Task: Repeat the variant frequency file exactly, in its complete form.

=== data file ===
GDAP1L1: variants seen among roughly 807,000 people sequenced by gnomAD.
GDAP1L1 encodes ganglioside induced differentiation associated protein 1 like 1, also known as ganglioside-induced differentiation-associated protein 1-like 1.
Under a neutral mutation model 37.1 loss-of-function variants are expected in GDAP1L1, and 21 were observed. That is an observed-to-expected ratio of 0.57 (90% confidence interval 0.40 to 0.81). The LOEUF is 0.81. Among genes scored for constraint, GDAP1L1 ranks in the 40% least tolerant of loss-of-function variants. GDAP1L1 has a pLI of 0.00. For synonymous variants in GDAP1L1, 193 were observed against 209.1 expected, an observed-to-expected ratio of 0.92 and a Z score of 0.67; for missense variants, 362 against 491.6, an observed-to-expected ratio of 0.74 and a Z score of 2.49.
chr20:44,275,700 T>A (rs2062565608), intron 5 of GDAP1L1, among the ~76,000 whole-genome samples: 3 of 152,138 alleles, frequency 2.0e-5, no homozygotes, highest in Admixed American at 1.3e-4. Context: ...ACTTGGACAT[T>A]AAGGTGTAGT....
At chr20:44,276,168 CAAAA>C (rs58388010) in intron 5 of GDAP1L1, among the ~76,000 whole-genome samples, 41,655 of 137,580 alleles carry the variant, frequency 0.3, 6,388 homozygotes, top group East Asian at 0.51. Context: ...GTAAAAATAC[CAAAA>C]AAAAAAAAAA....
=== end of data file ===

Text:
GDAP1L1: variants seen among roughly 807,000 people sequenced by gnomAD.
GDAP1L1 encodes ganglioside induced differentiation associated protein 1 like 1, also known as ganglioside-induced differentiation-associated protein 1-like 1.
Under a neutral mutation model 37.1 loss-of-function variants are expected in GDAP1L1, and 21 were observed. That is an observed-to-expected ratio of 0.57 (90% confidence interval 0.40 to 0.81). The LOEUF is 0.81. Among genes scored for constraint, GDAP1L1 ranks in the 40% least tolerant of loss-of-function variants. GDAP1L1 has a pLI of 0.00. For synonymous variants in GDAP1L1, 193 were observed against 209.1 expected, an observed-to-expected ratio of 0.92 and a Z score of 0.67; for missense variants, 362 against 491.6, an observed-to-expected ratio of 0.74 and a Z score of 2.49.
chr20:44,275,700 T>A (rs2062565608), intron 5 of GDAP1L1, among the ~76,000 whole-genome samples: 3 of 152,138 alleles, frequency 2.0e-5, no homozygotes, highest in Admixed American at 1.3e-4. Context: ...ACTTGGACAT[T>A]AAGGTGTAGT....
At chr20:44,276,168 CAAAA>C (rs58388010) in intron 5 of GDAP1L1, among the ~76,000 whole-genome samples, 41,655 of 137,580 alleles carry the variant, frequency 0.3, 6,388 homozygotes, top group East Asian at 0.51. Context: ...GTAAAAATAC[CAAAA>C]AAAAAAAAAA....